Steinberg is killing its dongle, but why? And what could be next?

For Cubase users, the eLicenser USB dongle has been a point of contention for years.

Steinberg Dongle
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Ever since Cubase burst onto the scene in 1989, it has required a physical hardware key – more commonly known as a dongle – to run. Dongle technology has advanced over the years, to the point where the current Steinberg eLicenser is, essentially, an encrypted USB thumb drive dedicated to holding software license keys, of which it can, conveniently, store many. Therefore, it has come as rather a surprise to learn that the company has decided to stop using physical copy protection; yes, they’re dropping the dongle!

Copy protection and software license enforcement can be troublesome.

On the one hand, an advanced software package such as Cubase, in ongoing development for over 30 years, could represent millions of research and development hours. And, it is entirely just that companies and developers should be paid for such work.

On the other hand, copy protection systems aren’t failsafe and can be cumbersome for users to manage. If-and-when something goes wrong, it’s legitimate, paid-up users who suffer. Meanwhile, those using cracked, pirated software have no dongles to lose or break, no passwords to forget, and couldn’t care less if a license authorisation server goes down or is decommissioned.

What’s most important in a copy protection system, then, is that it’s easy for legitimate users to use and difficult for hackers to crack. When you look at all of the viable solutions, from simple one-off license numbers to advanced hardware dongles, it’s easy to argue that the latter is the closest match to the requirements. And while modern USB dongles aren’t bulletproof and can be lost or stolen, they are remarkably reliable and convenient. So, why is Steinberg dropping the dongle now? What is it replacing it with, and is it a good thing?

Cloud nine

The company’s press release (see below) suggests that it feels the eLicenser system is an impediment to users and implies that it has received much negative feedback about the system over the years. They don’t elaborate, but there’s one glaring problem for hardware copy protection in the modern world of “instant everything”. You can’t just pop online, buy Cubase (or Nuendo, or Wavelab, etc.), download it and start recording. You must also order an eLicenser and wait for it to arrive in the post. The press release is similarly opaque about what Steinberg will bring in as a replacement to the eLicenser, and without knowing that, it’s hard to know whether to view this as a good thing or not.

One option may be to use downloaded software key files that can be secreted away in the bowels of the OS and protected from even the user’s prying eyes. Another may be a purely online system, similar to Pace’s iLok Cloud system. Whatever form it takes, it seems inevitable that the new solution will include an online element of some sort.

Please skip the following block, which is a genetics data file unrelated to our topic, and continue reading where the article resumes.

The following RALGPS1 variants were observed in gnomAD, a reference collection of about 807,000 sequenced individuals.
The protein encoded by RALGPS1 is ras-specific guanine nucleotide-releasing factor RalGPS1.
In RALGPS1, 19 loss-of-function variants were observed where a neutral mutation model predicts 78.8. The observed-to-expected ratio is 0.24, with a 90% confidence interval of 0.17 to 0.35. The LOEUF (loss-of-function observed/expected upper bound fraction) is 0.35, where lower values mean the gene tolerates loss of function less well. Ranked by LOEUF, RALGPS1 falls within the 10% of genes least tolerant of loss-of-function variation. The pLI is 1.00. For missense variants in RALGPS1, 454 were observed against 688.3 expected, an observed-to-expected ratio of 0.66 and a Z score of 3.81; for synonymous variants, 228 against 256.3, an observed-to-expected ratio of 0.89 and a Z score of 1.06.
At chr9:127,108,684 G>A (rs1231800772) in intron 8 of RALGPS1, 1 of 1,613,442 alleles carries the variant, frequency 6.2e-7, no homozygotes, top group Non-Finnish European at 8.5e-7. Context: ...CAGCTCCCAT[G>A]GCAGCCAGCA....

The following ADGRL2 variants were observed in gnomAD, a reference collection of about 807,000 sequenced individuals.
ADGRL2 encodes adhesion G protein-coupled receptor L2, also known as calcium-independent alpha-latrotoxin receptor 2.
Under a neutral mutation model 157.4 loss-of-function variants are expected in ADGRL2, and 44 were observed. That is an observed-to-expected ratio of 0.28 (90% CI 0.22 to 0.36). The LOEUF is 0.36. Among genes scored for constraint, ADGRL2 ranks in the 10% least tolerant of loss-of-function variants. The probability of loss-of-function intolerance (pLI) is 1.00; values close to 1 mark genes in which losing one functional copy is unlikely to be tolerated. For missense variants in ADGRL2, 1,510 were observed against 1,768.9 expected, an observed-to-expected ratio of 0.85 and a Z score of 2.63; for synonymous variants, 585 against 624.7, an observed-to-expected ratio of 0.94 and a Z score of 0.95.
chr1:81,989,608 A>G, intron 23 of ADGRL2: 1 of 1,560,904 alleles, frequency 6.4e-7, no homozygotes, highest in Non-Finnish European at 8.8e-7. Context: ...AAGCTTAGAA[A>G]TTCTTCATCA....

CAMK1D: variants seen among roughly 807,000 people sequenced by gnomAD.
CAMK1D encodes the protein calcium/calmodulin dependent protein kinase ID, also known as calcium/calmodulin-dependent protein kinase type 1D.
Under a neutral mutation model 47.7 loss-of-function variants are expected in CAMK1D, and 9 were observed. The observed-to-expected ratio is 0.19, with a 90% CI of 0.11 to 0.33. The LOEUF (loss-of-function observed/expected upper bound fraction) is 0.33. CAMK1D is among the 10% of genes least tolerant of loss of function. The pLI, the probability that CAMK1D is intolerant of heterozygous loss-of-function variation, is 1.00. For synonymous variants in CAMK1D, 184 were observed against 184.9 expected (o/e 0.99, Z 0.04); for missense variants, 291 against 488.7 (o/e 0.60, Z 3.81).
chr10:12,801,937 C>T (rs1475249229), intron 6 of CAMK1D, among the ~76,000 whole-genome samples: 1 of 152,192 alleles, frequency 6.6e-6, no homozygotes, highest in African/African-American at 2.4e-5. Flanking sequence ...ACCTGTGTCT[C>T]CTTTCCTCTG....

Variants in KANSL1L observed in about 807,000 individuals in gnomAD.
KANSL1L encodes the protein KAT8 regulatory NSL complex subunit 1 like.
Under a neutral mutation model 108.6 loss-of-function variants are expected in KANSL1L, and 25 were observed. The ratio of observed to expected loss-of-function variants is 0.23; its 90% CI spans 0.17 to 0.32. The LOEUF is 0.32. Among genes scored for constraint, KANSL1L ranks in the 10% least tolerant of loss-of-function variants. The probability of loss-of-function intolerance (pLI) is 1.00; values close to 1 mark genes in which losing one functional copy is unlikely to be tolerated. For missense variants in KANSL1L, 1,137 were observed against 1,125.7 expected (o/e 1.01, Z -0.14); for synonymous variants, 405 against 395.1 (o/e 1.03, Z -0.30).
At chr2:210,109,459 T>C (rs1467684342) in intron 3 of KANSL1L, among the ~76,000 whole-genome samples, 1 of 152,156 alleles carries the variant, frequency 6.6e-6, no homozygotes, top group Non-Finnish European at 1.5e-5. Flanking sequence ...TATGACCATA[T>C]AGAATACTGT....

What many users won’t want to see, though, is a system that requires an always-on internet connection. Not all studio computers are internet-connected, and people recording on location won’t necessarily have access to an internet connection at all. More to the point, the idea that your ability to work in your studio may depend upon the reliability – or even presence – of an internet connection is not going to fill every Cubase user with glee. Therefore, we’ll have to hope that Steinberg’s new system will be capable of working in an offline mode.

We live in an era where every company and its MD’s dog wants to know as much as possible about its users’ habits, because gathering a large tranche of users’ data is the modern equivalent of striking oil or uncovering a gold seam. Switching to an online license authorisation system would, in theory, allow Steinberg to find out more than just how often you use the software, but this isn’t a significant privacy issue in itself if that’s all that gets harvested. If.

Perhaps the more significant concern for many users will be that this decision foreshadows a move to subscription-based licensing. Companies and corporations tend to like this payment model. It brings certain accounting benefits, and of course, the software developers love having constant subscriptions cashflow. But the average user dislikes subscription pricing, and little is more sure to drive away all casual and semi-pro users, especially in a market where there’s as much choice as there is for DAWs – just ask Avid.

These concerns are pure speculation, as it remains to be seen what shape Steinberg’s new copy protection system will take. The company regularly demonstrates a keen understanding of its users’ wants and needs, though. We’re quietly optimistic that the new system will be barely noticeable to us users, which is precisely as it should be.

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